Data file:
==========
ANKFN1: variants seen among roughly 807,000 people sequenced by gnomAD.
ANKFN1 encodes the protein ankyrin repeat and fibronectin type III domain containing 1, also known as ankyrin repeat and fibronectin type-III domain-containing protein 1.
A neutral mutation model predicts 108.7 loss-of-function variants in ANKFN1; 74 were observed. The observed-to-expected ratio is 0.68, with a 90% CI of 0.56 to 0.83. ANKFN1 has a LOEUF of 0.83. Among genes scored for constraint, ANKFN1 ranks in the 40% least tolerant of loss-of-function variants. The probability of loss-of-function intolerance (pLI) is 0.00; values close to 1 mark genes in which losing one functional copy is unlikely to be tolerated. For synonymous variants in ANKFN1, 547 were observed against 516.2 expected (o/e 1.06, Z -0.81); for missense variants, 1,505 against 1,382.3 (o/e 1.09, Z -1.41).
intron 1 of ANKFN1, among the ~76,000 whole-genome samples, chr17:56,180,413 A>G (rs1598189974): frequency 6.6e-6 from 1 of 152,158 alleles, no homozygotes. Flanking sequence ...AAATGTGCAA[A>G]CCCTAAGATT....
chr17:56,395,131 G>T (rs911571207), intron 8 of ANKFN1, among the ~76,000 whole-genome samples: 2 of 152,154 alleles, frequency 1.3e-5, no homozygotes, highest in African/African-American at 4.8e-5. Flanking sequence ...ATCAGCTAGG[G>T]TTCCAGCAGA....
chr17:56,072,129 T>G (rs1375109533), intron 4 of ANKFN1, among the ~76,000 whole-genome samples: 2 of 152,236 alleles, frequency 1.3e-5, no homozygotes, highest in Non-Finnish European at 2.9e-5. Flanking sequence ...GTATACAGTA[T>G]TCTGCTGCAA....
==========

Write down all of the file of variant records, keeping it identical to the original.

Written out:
ANKFN1: variants seen among roughly 807,000 people sequenced by gnomAD.
ANKFN1 encodes the protein ankyrin repeat and fibronectin type III domain containing 1, also known as ankyrin repeat and fibronectin type-III domain-containing protein 1.
A neutral mutation model predicts 108.7 loss-of-function variants in ANKFN1; 74 were observed. The observed-to-expected ratio is 0.68, with a 90% CI of 0.56 to 0.83. ANKFN1 has a LOEUF of 0.83. Among genes scored for constraint, ANKFN1 ranks in the 40% least tolerant of loss-of-function variants. The probability of loss-of-function intolerance (pLI) is 0.00; values close to 1 mark genes in which losing one functional copy is unlikely to be tolerated. For synonymous variants in ANKFN1, 547 were observed against 516.2 expected (o/e 1.06, Z -0.81); for missense variants, 1,505 against 1,382.3 (o/e 1.09, Z -1.41).
intron 1 of ANKFN1, among the ~76,000 whole-genome samples, chr17:56,180,413 A>G (rs1598189974): frequency 6.6e-6 from 1 of 152,158 alleles, no homozygotes. Flanking sequence ...AAATGTGCAA[A>G]CCCTAAGATT....
chr17:56,395,131 G>T (rs911571207), intron 8 of ANKFN1, among the ~76,000 whole-genome samples: 2 of 152,154 alleles, frequency 1.3e-5, no homozygotes, highest in African/African-American at 4.8e-5. Flanking sequence ...ATCAGCTAGG[G>T]TTCCAGCAGA....
chr17:56,072,129 T>G (rs1375109533), intron 4 of ANKFN1, among the ~76,000 whole-genome samples: 2 of 152,236 alleles, frequency 1.3e-5, no homozygotes, highest in Non-Finnish European at 2.9e-5. Flanking sequence ...GTATACAGTA[T>G]TCTGCTGCAA....